“I see this as an attack on public education.”
New York City workers and students express support for school bus strikers
14 February 2013
The month-long strike by nearly 9,000 striking school bus drivers, matrons and mechanics has generated popular sympathy despite the best efforts of Mayor Michael Bloomberg and the corporate-controlled news media to slander the strikers as greedy and uncaring towards the 150,000 disabled and non-disabled children they transport and care for each day.
Among city workers—teachers, transit, hospital, sanitation worker and firefighters—there is particular contempt for the billionaire mayor who has slashed city services and refused to sign labor agreements.
No section of the city workers have a contract, from the 75,000 teachers of the city's Department of Education, 38,000 transit workers and more than 10,000 sanitation workers. Currently, they are working under the provisions of old contracts. Despite this common conditions facing all workers, the United Federation of Teachers, the Teamsters and the Transport Workers Union have done nothing to mobilize their members to defend the school bus strikers or the jobs and living standards of their own members.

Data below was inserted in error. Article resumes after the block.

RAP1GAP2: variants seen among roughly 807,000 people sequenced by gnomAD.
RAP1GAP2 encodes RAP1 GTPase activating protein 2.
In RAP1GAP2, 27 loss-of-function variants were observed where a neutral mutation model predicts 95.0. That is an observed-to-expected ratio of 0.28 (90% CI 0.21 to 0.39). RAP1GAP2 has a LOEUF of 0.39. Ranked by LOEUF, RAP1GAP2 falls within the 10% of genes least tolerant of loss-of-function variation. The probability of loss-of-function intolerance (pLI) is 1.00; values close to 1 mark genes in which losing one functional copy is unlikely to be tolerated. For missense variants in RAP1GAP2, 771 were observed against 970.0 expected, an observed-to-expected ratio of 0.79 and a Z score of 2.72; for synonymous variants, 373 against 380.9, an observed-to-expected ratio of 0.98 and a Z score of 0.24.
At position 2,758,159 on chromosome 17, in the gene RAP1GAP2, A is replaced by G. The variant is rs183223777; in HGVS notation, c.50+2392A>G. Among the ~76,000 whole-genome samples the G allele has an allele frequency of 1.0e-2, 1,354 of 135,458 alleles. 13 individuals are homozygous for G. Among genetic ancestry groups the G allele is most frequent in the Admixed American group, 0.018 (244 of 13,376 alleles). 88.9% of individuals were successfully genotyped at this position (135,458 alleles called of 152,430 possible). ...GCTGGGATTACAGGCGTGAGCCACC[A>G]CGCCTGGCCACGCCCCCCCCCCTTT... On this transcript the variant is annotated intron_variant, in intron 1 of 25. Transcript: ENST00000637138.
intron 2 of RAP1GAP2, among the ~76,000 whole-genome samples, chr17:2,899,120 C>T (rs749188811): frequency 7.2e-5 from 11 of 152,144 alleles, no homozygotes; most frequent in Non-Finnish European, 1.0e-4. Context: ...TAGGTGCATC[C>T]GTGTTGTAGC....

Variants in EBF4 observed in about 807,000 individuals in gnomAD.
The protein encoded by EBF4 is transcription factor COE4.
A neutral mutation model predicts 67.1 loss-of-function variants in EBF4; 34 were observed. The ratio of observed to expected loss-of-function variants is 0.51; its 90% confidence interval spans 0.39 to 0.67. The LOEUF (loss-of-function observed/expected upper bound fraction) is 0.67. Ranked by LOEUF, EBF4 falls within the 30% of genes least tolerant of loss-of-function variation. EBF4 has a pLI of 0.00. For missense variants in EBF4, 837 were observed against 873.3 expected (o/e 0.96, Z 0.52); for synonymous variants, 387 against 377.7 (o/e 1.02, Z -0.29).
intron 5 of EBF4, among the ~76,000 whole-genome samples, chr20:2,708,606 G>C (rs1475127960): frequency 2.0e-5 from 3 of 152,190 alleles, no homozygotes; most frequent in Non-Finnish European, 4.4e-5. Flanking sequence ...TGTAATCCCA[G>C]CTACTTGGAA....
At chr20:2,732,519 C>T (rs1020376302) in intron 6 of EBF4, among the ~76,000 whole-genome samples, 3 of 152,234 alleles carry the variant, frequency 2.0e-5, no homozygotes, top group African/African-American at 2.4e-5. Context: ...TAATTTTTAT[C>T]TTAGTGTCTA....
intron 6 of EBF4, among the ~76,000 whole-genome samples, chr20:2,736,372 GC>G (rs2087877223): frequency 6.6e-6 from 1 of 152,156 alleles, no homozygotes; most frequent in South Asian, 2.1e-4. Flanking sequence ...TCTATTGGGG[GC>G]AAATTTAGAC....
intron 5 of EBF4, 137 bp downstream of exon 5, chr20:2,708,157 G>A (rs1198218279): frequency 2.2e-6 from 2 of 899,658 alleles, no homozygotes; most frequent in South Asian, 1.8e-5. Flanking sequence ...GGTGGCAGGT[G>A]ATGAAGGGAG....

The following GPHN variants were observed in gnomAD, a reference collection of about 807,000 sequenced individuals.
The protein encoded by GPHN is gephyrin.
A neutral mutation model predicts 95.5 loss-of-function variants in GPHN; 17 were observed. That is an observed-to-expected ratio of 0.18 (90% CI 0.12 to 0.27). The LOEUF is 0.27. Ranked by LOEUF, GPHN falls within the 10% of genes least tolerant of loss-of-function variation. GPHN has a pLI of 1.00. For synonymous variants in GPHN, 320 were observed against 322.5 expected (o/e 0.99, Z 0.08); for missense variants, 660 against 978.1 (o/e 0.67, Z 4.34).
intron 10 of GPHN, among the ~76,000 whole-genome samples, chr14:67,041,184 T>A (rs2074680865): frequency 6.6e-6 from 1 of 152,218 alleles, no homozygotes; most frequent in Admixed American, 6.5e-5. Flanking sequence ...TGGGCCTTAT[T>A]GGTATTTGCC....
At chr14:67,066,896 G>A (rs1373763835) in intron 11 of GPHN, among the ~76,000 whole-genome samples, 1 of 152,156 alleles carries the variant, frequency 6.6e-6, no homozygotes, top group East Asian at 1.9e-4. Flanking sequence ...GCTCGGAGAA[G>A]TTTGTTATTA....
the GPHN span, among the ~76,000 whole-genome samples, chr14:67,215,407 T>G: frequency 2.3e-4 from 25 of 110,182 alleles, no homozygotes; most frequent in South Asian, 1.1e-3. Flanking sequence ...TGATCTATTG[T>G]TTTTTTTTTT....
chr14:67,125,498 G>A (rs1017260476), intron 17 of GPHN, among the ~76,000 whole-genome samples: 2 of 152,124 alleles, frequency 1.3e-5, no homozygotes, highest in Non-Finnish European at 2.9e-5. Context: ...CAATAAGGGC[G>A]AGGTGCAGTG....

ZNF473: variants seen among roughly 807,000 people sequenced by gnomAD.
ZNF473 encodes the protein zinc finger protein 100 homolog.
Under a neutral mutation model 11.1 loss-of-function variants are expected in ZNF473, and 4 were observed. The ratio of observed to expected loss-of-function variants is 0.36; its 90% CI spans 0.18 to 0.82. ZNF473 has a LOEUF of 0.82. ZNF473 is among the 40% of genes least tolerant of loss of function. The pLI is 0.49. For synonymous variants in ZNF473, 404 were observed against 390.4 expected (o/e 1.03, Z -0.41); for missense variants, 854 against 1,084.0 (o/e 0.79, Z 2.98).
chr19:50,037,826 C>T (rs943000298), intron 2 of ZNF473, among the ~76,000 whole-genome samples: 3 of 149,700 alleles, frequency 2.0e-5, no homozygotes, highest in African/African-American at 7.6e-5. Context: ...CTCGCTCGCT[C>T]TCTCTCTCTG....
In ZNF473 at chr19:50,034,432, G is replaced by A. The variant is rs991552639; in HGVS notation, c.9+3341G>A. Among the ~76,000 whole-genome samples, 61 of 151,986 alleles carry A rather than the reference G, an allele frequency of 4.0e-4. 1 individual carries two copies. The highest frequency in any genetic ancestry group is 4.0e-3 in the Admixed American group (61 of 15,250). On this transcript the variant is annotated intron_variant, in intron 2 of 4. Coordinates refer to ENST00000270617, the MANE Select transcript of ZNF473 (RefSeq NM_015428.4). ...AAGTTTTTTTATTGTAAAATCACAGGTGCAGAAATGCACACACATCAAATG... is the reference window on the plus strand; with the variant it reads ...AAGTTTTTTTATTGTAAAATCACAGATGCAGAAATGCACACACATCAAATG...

Reporters from the World Socialist Web Site spoke with workers and young people in the city about the strike. Benjamin Fenderson, a train operator with 12 years, said, “Bloomberg is clearly the manipulator saying ‘it is not my problem, it is between the private bus companies and the drivers.’ He took away the Employee Protection Provisions. So it is clearly the case he is behind this.
“The bids from the winning bus companies will pay drivers only $15 an hour and no benefits,” Fenderson said. “They will hire untrained workers jeopardizing the health and safety of the kids.
“This is part of an attack on public education. This goes along with the cuts to education funding and trying to impose standardized student testing evaluations on teachers. Instead of concentrating on educating the kids, they are concentrating on how to save a buck. While more money does not necessarily guarantee better education, budget cuts mean less teachers, equipment, computers, books, lunch programs and after school programs.